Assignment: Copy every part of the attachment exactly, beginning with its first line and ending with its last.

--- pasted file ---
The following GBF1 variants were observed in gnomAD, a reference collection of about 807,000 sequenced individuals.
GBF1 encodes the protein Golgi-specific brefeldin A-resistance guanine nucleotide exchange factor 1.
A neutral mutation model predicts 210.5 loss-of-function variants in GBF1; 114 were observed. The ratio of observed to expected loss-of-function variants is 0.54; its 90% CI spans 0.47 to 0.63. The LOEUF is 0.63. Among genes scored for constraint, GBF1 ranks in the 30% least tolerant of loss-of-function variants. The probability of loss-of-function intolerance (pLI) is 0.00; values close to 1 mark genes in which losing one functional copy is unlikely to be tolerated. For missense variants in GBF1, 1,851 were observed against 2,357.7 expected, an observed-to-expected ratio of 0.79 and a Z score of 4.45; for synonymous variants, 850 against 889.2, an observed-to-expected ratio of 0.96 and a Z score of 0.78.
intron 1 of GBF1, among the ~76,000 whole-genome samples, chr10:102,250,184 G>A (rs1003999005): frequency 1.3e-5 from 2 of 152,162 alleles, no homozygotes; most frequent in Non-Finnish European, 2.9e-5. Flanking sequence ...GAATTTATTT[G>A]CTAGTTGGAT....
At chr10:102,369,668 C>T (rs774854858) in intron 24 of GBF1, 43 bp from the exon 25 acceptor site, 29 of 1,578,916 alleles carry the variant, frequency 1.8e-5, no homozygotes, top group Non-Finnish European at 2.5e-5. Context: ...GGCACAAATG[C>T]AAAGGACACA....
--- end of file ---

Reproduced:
The following GBF1 variants were observed in gnomAD, a reference collection of about 807,000 sequenced individuals.
GBF1 encodes the protein Golgi-specific brefeldin A-resistance guanine nucleotide exchange factor 1.
A neutral mutation model predicts 210.5 loss-of-function variants in GBF1; 114 were observed. The ratio of observed to expected loss-of-function variants is 0.54; its 90% CI spans 0.47 to 0.63. The LOEUF is 0.63. Among genes scored for constraint, GBF1 ranks in the 30% least tolerant of loss-of-function variants. The probability of loss-of-function intolerance (pLI) is 0.00; values close to 1 mark genes in which losing one functional copy is unlikely to be tolerated. For missense variants in GBF1, 1,851 were observed against 2,357.7 expected, an observed-to-expected ratio of 0.79 and a Z score of 4.45; for synonymous variants, 850 against 889.2, an observed-to-expected ratio of 0.96 and a Z score of 0.78.
intron 1 of GBF1, among the ~76,000 whole-genome samples, chr10:102,250,184 G>A (rs1003999005): frequency 1.3e-5 from 2 of 152,162 alleles, no homozygotes; most frequent in Non-Finnish European, 2.9e-5. Flanking sequence ...GAATTTATTT[G>A]CTAGTTGGAT....
At chr10:102,369,668 C>T (rs774854858) in intron 24 of GBF1, 43 bp from the exon 25 acceptor site, 29 of 1,578,916 alleles carry the variant, frequency 1.8e-5, no homozygotes, top group Non-Finnish European at 2.5e-5. Context: ...GGCACAAATG[C>T]AAAGGACACA....